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use "cedar breather" don't put them directly on the felt!!!

Posted by jb on February 1st, 2001 02:13 PM
In reply to Do I really want cedar shingles??? by gris on January 31st, 2001 10:59 PM [Go to top of thread]

9 of 9 people found this post helpful

I love them too, but they can be pricey. Around here we only use red cedar shingles for roofs. I am going to put them on the front roof plane of my house only because no one can ever even see the back, so I'll save a ton of dough. There are special solutions that you can use to spray on the roof to kill the mildew. Actually I think that too much shade is worse for these roofs than too much sun. In the shade you can get lichens that end up eating the wood and dramatically reduce their life expectancy. There are relatively new "oil" treatments for shingles that are professionally applied. This preservative treatment can dramatically increase the life span of your cedar roof, even if only done once. Maybe every 5-10 years might be best. Don't do it yourself because you WILL fall and hurt yourself; oil and roofs don't mix well. If you don't like the "new" look, wait a year for weathering before applying preservative. Find a roofer that knows what you are talking about and use him. If he doesn't seem to know what you are talking about when you say "oil my cedar roof shingles" then run away and find someone who has done it before.
You say he said he would tar paper, then vapor barrier, then shingle? What is vapor barrier doing on a roof? Hopefully you have misunderstood him because this sound pretty wacky to me, I've never heard of such a thing, its nutty.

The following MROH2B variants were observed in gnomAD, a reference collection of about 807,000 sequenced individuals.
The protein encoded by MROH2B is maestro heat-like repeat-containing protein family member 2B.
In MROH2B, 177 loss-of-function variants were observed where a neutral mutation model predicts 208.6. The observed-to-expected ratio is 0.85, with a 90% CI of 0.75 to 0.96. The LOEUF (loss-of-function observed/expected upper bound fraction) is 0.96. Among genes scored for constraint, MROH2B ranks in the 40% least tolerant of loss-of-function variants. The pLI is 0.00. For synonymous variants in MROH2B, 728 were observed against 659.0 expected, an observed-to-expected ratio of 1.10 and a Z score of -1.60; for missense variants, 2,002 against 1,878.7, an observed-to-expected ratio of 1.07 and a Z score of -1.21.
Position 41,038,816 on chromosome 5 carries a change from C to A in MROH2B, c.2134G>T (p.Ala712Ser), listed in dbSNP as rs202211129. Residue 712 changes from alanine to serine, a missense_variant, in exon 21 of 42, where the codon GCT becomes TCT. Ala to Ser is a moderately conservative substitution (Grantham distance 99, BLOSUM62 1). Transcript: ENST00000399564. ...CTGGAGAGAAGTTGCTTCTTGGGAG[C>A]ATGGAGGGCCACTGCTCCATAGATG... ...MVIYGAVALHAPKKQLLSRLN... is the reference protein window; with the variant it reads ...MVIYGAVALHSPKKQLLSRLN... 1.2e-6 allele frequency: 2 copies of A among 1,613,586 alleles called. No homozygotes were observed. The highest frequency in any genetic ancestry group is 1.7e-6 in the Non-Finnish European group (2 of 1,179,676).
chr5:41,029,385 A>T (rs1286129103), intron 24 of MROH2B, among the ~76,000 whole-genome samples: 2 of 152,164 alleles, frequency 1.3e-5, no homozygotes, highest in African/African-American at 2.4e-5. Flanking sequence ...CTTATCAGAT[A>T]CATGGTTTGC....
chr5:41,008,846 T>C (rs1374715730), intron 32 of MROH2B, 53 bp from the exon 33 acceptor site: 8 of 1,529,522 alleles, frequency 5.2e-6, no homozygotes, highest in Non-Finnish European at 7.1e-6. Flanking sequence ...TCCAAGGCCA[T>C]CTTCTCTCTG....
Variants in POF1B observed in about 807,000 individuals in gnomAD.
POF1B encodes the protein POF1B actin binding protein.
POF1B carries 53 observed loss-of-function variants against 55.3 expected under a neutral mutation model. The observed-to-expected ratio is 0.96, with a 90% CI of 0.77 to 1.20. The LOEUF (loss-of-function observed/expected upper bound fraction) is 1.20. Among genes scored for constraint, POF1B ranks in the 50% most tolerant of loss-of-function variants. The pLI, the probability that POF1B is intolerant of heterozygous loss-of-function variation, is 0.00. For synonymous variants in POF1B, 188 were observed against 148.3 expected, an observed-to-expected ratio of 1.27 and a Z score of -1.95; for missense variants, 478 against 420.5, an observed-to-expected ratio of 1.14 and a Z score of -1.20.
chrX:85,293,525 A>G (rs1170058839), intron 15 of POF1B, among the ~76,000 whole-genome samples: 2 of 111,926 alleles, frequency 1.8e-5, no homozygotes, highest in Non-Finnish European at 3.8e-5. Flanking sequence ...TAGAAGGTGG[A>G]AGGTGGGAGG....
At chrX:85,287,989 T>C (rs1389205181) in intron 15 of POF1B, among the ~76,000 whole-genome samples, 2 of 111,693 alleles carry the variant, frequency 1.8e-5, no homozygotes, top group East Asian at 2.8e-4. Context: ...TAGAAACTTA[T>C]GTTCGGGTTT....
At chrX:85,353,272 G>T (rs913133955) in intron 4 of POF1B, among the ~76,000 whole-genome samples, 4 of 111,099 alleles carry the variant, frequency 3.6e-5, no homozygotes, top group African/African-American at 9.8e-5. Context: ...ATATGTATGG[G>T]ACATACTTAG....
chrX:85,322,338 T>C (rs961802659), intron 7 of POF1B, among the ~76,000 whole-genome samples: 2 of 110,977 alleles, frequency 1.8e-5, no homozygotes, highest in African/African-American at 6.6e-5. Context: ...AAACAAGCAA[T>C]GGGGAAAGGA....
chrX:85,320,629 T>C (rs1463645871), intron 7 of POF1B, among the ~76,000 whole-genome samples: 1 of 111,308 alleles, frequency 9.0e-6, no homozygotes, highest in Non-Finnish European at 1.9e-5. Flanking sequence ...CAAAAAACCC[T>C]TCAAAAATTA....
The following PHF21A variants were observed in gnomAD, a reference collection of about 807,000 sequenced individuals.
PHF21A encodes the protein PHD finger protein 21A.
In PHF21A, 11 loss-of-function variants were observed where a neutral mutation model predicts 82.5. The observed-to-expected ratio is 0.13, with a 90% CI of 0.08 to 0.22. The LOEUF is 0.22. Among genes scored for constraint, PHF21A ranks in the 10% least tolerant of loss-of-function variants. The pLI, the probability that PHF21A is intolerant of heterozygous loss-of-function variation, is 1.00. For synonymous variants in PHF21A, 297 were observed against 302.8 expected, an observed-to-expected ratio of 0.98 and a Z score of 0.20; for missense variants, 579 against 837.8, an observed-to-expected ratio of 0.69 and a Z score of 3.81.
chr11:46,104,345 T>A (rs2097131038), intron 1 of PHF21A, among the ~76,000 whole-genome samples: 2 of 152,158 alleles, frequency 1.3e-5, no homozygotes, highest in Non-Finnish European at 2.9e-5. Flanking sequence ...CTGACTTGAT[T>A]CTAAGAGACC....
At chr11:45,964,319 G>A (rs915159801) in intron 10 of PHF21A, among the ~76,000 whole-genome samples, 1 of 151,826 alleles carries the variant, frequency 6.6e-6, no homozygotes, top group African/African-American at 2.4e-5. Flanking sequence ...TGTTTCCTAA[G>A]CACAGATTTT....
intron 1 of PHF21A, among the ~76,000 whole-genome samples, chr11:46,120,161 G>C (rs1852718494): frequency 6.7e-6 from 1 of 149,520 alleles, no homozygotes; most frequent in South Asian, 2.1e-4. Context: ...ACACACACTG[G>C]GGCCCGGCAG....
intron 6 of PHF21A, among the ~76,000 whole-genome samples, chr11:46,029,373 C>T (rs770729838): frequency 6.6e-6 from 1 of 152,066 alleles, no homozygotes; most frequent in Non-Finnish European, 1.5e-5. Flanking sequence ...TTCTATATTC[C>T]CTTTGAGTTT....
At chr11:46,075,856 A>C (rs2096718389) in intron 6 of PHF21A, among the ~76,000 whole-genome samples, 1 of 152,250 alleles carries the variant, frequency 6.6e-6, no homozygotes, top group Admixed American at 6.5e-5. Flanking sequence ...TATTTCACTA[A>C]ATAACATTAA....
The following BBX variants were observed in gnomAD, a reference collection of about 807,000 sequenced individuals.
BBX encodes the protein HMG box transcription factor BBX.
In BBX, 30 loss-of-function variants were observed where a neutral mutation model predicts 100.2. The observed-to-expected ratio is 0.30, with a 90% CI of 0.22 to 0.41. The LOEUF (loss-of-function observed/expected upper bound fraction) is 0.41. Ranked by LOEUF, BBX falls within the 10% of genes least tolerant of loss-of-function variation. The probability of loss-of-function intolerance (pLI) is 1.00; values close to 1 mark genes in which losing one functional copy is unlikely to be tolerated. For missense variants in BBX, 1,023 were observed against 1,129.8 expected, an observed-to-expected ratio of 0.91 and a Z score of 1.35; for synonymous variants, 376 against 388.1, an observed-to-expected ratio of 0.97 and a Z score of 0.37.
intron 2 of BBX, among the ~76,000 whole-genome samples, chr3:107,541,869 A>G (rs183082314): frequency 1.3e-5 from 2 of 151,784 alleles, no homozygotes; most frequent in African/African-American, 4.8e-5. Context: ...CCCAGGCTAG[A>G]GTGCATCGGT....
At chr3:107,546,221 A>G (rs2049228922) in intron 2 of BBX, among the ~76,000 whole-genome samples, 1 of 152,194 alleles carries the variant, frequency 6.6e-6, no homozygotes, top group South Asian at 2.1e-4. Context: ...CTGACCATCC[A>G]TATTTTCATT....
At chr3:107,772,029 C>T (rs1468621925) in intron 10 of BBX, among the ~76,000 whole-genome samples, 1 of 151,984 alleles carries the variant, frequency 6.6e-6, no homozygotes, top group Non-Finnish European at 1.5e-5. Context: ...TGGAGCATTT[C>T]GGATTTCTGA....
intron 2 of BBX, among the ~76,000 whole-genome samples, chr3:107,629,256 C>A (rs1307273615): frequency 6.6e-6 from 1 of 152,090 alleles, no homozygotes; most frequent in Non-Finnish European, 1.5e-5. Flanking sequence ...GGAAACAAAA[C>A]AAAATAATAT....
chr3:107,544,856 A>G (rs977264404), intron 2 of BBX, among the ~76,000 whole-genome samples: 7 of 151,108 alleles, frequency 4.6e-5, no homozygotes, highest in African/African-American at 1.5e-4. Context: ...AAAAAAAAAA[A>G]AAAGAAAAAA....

Yes, they are more labor intensive and the materials cost is higher too. Just think, where an asphalt shingle would be put down it would take probably 4 - 6 cedar shingles to cover the same area, hence more labor. Where I live it does increase the value of the home somewhat. All the very best homes have them.
The question of cupping needs some looking into. These shingles cup only if they are not installed correctly. Think about it, these are pieces of unpainted, untreated wood that are exposed to the elements. Hence, they get wet and absorb water into their cells. When the sun comes out, the top dries and the bottom doesn't. Wood swells when it gets wet and shrinks when it gets dry, so the back side of the shingles are swollen and the front shrinks dry... instant cupping. Once this keeps happening for a while your shingles might just stay cupped. The oil treatment I discussed will help lessen this. The only CORRECT way to install these shingles is NOT to put them directly on top of the felt (tar paper). There are basically two methods of keeping them up off the felt so that the backs are allowed to dry and prevent roof damage and cupping. 1. Install pieces of strapping across your roof, on top of the plywood every 6" or so and nail your shingles to them (old fashioned and expensive but it works) or, 2. use a product such as cedar breather. If you don't do one of these methods then you really could be wasting your money and you would be better off using asphalt. Get 3 bids and don't even consider a roofer that doesn't know what I am talking about because they should (at least about the air under the shingles if not the oil which could be regional). Do it right or don't do it at all I say...

Here is an article that I found that illustrates the venting I'm talking about and shows how to do it right.

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